Wigtown: The 'tumbleweed' town transformed by books
Celebrations are taking place to mark the 20th anniversary of Wigtown being declared Scotland's national book town.
The move has been credited with transforming its economy after years of decline.
The closure of a large creamery and a distillery had seen the community's fortunes plummet with the loss of more than 200 jobs.
Shops and businesses closed, people left and, at one time, 83 buildings stood empty.
Local resident Sandra McDowall recalled: "A lot of our young folk had left to get employment elsewhere and there was a depressed feeling in the town.
"There were premises for sale everywhere and one of the newspapers at the time said you could see the tumbleweed blowing down the street."
In 1998, Sandra was on the community council which heard about a "competition" run by Strathclyde University to find somewhere in Scotland suitable to regenerate as the country's official book town.
A similar thing had happened in Hay-On-Wye in Wales and other towns across Europe so Wigtown organised a bid and, against stiff competition from five other towns, was declared the winner.
Up to then, Wigtown had only one bookshop, albeit with allegedly the largest collection of second hand books in Scotland.
Since 2001, it has been has been owned by local man Shaun Bythell who recalled seeing it as a teenager when it had newly opened and predicting its closure within a year.
He is one of a generation that would have been lost to Wigtown but for its book-based rebirth.
Another is Wigtownshire native Joyce Cochrane who, with husband Ian, gave up a safe job in Edinburgh to take on a former bank building in Wigtown and the precarious business of selling books in what she had regarded "a ghost town".
"I do remember opening the door and there was nothing but rawlplugs," she said. "It was terrifying, but really, really exciting."
She said that last year was their best yet with people at Easter queuing for the shop to open.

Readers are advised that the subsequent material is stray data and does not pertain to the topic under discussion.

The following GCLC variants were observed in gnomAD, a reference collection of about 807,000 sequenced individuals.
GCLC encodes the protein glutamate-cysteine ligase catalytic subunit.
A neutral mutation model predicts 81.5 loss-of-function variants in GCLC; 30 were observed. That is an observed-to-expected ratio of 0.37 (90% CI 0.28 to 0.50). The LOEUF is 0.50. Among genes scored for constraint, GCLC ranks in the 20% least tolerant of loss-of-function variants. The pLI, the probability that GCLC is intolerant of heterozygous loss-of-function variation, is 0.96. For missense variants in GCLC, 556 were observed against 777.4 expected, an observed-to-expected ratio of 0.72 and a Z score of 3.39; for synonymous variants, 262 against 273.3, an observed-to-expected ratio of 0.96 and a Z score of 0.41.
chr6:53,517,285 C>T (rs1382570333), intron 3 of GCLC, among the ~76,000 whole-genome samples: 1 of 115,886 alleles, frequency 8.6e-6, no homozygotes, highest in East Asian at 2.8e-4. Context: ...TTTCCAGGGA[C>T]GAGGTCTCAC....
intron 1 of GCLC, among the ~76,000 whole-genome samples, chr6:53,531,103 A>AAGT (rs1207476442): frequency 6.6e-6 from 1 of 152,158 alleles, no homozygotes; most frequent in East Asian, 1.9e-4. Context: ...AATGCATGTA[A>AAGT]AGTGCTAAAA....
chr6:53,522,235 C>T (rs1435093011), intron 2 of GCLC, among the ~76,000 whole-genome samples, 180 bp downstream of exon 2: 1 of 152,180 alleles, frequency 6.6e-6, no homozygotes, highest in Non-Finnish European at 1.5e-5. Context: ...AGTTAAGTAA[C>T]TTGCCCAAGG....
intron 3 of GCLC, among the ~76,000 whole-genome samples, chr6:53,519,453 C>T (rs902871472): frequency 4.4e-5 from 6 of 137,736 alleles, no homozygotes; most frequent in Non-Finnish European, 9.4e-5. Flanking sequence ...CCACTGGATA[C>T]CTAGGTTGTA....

Analysis: Willie Johnston, BBC Scotland
In the 1990s I reported on the devastating creamery closures at Wigtown and nearby Sorbie and the decline of Bladnoch distillery (now happily in new ownership and with a bright future).
I listened to the despair of families who saw no future in Galloway and were forced to follow the work to other parts of the UK.
I witnessed the consequential decay of the economy and built environment, I saw the tumbleweed.
Then came the prospect of Wigtown becoming Scotland's book town and I was there when champagne corks popped in celebration of it winning the Strathclyde University contest.
However, did I see beyond the fizz and really believe that the town's salvation lay in books? I confess I did not, and I was not alone.
Today I am delighted to have been proved wrong. The town centre is clean and prosperous and Wigtown during its 10-day book festival each September is a joy to visit.
The town will celebrate modestly with a tea party. I'd be happy to toast its success with something stronger - to wash down my humble pie.
Other people who came to Wigtown had no previous connections.
They included Richard Van Der Voort who specialises in science fiction and fantasy books.
He decided to leave London because the city air was affecting his asthma. A friend recommended Wigtown and he's been there for 16 years, currently chairing the town's Booksellers' Association.
"We have 13 retail bookshops and one which is mail-order only," he said.
"Between us we probably have half a million books for sale."
Those shops have spawned a hugely successful annual book festival which generates an estimated three million pounds for the regional economy.
There is enough year round trade to have made it worthwhile for other businesses to re-populate the Main Street, including a hotel, cafes and other types of retailer.
Sandra McDowall remains involved as chair of the book festival and has witnessed a transformation many did not believe likely.
"It was difficult," she admitted.
"People didn't think they were real jobs because they were in bookshops and it wasn't really involving local people.
"But over the years they have come to see that most small towns have suffered because of our changing shopping habits and in Wigtown we have bucked that trend.
"We still have people moving in, we still have properties changing hands and it really has made the town what it is today.
"There is a vibrancy now that just wasn't there before."